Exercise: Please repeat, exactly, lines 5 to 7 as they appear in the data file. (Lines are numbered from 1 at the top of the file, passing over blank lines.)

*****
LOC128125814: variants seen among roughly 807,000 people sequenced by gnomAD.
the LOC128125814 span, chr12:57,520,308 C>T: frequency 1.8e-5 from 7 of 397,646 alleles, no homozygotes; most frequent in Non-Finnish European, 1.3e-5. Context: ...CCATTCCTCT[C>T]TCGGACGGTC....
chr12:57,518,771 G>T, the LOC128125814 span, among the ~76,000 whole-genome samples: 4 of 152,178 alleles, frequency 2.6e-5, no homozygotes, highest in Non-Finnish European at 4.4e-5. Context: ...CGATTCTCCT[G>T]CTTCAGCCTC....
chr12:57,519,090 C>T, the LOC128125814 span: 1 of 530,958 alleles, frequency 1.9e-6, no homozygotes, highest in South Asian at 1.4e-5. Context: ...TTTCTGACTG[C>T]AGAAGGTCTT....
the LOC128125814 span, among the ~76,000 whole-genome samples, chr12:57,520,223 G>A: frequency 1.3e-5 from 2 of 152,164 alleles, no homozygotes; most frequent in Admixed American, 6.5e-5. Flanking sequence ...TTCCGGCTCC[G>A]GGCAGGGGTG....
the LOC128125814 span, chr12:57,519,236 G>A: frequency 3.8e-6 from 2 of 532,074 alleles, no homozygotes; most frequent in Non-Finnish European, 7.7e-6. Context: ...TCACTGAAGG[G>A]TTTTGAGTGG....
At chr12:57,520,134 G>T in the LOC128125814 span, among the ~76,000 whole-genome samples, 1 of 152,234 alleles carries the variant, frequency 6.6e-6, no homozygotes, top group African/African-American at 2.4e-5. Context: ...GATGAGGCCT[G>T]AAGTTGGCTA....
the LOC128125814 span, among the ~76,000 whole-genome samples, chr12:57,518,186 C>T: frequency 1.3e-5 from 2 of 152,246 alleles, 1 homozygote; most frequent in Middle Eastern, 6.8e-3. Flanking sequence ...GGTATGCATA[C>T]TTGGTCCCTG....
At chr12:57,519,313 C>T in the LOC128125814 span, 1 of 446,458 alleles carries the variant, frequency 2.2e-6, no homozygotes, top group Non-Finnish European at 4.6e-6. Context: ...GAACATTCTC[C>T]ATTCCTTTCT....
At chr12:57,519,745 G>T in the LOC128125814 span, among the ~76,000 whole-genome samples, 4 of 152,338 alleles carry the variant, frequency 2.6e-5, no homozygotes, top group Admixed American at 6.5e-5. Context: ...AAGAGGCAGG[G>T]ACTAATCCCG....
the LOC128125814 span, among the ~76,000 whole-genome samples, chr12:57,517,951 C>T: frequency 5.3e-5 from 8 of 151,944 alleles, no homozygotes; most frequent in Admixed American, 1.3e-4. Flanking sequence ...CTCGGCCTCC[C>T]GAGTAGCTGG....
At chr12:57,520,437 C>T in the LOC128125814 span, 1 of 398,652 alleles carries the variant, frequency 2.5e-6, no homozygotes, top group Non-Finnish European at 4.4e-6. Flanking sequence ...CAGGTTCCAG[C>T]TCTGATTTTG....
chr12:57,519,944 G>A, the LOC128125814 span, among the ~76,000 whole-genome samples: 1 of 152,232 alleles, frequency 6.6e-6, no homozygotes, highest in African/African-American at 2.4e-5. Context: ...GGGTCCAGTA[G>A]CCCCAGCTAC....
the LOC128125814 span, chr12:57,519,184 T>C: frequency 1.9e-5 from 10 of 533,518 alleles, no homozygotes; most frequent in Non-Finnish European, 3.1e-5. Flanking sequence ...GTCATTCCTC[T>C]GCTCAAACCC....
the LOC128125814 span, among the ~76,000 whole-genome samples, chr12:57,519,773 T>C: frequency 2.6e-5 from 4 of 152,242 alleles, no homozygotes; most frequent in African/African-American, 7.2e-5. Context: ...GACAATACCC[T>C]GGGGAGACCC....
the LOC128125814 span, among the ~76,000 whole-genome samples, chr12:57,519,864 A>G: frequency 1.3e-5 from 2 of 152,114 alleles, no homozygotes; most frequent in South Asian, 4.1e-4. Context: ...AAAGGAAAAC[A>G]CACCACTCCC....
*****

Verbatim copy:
the LOC128125814 span, among the ~76,000 whole-genome samples, chr12:57,520,223 G>A: frequency 1.3e-5 from 2 of 152,164 alleles, no homozygotes; most frequent in Admixed American, 6.5e-5. Flanking sequence ...TTCCGGCTCC[G>A]GGCAGGGGTG....
the LOC128125814 span, chr12:57,519,236 G>A: frequency 3.8e-6 from 2 of 532,074 alleles, no homozygotes; most frequent in Non-Finnish European, 7.7e-6. Context: ...TCACTGAAGG[G>A]TTTTGAGTGG....
At chr12:57,520,134 G>T in the LOC128125814 span, among the ~76,000 whole-genome samples, 1 of 152,234 alleles carries the variant, frequency 6.6e-6, no homozygotes, top group African/African-American at 2.4e-5. Context: ...GATGAGGCCT[G>T]AAGTTGGCTA....